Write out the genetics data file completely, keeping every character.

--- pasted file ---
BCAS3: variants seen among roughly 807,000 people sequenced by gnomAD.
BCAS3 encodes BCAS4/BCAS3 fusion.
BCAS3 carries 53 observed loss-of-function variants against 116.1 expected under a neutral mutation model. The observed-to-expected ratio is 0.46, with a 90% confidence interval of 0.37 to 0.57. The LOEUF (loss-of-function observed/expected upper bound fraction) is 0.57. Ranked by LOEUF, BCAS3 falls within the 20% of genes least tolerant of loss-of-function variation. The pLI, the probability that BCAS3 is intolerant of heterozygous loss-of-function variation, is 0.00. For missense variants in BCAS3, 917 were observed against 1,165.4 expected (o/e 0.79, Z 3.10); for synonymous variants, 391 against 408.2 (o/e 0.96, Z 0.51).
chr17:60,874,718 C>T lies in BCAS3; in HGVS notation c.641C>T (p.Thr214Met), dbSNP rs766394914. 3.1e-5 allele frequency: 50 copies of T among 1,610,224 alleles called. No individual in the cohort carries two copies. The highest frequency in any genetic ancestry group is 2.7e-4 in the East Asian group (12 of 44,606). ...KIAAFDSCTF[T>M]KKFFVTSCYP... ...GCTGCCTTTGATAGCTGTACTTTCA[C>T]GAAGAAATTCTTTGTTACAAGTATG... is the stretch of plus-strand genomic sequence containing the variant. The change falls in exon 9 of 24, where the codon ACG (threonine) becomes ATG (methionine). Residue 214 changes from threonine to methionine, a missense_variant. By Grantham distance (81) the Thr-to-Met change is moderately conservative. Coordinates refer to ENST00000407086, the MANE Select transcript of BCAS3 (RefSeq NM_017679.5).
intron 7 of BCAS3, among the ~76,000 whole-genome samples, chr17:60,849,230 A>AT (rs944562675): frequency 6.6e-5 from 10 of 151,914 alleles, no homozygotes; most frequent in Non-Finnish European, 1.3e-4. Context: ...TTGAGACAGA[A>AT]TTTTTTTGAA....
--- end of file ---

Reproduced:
BCAS3: variants seen among roughly 807,000 people sequenced by gnomAD.
BCAS3 encodes BCAS4/BCAS3 fusion.
BCAS3 carries 53 observed loss-of-function variants against 116.1 expected under a neutral mutation model. The observed-to-expected ratio is 0.46, with a 90% confidence interval of 0.37 to 0.57. The LOEUF (loss-of-function observed/expected upper bound fraction) is 0.57. Ranked by LOEUF, BCAS3 falls within the 20% of genes least tolerant of loss-of-function variation. The pLI, the probability that BCAS3 is intolerant of heterozygous loss-of-function variation, is 0.00. For missense variants in BCAS3, 917 were observed against 1,165.4 expected (o/e 0.79, Z 3.10); for synonymous variants, 391 against 408.2 (o/e 0.96, Z 0.51).
chr17:60,874,718 C>T lies in BCAS3; in HGVS notation c.641C>T (p.Thr214Met), dbSNP rs766394914. 3.1e-5 allele frequency: 50 copies of T among 1,610,224 alleles called. No individual in the cohort carries two copies. The highest frequency in any genetic ancestry group is 2.7e-4 in the East Asian group (12 of 44,606). ...KIAAFDSCTF[T>M]KKFFVTSCYP... ...GCTGCCTTTGATAGCTGTACTTTCA[C>T]GAAGAAATTCTTTGTTACAAGTATG... is the stretch of plus-strand genomic sequence containing the variant. The change falls in exon 9 of 24, where the codon ACG (threonine) becomes ATG (methionine). Residue 214 changes from threonine to methionine, a missense_variant. By Grantham distance (81) the Thr-to-Met change is moderately conservative. Coordinates refer to ENST00000407086, the MANE Select transcript of BCAS3 (RefSeq NM_017679.5).
intron 7 of BCAS3, among the ~76,000 whole-genome samples, chr17:60,849,230 A>AT (rs944562675): frequency 6.6e-5 from 10 of 151,914 alleles, no homozygotes; most frequent in Non-Finnish European, 1.3e-4. Context: ...TTGAGACAGA[A>AT]TTTTTTTGAA....